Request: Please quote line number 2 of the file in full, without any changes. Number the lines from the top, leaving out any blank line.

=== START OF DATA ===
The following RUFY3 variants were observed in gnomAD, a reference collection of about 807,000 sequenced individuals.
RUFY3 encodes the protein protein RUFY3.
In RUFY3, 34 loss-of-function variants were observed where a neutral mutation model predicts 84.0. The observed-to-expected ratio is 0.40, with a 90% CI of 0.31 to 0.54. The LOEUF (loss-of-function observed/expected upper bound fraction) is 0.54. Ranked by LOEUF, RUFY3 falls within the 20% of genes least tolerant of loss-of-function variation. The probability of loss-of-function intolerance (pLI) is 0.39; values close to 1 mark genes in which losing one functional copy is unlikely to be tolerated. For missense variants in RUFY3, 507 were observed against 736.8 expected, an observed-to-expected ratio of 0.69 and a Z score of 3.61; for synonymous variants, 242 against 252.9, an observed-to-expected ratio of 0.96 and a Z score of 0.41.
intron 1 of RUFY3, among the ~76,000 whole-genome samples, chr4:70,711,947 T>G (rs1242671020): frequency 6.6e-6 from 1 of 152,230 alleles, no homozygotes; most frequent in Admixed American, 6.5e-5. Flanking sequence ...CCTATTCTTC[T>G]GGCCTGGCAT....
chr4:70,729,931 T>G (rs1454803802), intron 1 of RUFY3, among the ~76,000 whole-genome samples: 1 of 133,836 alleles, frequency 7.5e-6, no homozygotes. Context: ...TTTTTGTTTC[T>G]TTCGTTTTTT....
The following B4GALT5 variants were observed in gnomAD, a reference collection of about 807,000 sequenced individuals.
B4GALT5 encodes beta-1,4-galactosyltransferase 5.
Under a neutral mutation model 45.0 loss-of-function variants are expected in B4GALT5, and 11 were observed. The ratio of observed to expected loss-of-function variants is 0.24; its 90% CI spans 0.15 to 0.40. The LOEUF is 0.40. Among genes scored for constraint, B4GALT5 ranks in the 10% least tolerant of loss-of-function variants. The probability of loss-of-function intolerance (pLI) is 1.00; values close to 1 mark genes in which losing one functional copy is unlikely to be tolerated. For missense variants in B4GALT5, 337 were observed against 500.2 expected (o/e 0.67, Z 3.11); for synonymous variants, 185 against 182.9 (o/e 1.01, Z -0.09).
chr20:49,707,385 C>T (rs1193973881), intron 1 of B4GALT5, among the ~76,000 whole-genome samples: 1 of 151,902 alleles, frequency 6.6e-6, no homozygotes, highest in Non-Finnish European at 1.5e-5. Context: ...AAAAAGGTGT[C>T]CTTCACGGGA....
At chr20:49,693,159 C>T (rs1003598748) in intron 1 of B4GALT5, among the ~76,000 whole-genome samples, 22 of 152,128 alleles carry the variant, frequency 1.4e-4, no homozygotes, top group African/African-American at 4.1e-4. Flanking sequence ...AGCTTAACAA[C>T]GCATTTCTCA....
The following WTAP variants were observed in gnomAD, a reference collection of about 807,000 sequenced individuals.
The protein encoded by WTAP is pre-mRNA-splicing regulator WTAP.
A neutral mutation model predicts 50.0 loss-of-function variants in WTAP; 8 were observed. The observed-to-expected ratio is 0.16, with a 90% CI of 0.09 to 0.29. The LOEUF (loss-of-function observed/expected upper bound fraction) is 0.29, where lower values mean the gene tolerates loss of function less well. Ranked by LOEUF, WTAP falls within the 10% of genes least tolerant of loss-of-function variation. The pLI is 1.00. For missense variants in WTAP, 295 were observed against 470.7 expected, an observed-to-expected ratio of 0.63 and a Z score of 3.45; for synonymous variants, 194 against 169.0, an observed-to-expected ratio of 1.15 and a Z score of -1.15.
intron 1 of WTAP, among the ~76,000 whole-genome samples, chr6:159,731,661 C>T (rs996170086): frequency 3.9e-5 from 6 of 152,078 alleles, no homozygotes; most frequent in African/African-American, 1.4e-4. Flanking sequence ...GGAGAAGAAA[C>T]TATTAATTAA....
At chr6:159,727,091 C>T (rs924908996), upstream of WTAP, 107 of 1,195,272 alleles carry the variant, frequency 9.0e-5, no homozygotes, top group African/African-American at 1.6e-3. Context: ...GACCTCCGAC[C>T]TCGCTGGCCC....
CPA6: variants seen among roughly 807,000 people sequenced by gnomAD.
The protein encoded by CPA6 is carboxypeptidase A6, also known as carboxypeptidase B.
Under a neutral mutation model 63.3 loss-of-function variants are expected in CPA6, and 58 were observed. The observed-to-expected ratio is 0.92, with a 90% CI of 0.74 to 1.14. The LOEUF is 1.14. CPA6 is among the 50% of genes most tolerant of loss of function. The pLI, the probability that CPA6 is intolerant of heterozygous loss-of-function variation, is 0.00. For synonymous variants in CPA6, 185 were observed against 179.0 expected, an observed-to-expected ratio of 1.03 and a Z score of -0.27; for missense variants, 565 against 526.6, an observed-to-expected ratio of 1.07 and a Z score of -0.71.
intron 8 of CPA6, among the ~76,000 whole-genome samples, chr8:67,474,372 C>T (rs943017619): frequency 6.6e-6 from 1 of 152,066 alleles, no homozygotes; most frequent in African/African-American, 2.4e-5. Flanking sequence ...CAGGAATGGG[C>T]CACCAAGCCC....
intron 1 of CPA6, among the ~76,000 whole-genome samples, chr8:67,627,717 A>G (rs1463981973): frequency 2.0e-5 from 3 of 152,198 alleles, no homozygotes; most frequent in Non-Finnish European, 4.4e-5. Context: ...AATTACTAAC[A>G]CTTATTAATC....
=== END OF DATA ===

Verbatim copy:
RUFY3 encodes the protein protein RUFY3.